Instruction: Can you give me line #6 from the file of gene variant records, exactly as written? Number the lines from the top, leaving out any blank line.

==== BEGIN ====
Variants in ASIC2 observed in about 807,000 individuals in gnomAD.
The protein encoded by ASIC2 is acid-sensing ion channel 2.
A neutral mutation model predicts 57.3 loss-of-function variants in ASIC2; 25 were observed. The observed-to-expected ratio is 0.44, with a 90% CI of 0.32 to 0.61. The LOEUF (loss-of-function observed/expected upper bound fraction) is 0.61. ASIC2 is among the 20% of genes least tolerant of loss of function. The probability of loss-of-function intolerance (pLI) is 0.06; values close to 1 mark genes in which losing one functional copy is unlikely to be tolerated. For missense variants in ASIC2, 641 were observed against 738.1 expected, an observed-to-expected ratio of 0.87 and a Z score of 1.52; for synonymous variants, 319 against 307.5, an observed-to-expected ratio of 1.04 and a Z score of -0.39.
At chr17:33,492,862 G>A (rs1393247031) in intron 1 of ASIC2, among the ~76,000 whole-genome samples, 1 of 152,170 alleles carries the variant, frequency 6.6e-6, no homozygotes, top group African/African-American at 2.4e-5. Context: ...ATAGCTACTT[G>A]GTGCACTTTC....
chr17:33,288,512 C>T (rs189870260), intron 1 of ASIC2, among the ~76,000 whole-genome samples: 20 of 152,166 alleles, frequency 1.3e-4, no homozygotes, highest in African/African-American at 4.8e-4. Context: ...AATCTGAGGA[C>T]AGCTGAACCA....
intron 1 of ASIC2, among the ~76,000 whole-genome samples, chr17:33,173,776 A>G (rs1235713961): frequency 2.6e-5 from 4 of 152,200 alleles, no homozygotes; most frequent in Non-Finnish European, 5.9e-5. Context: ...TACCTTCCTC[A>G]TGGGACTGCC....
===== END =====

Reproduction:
intron 1 of ASIC2, among the ~76,000 whole-genome samples, chr17:33,173,776 A>G (rs1235713961): frequency 2.6e-5 from 4 of 152,200 alleles, no homozygotes; most frequent in Non-Finnish European, 5.9e-5. Context: ...TACCTTCCTC[A>G]TGGGACTGCC....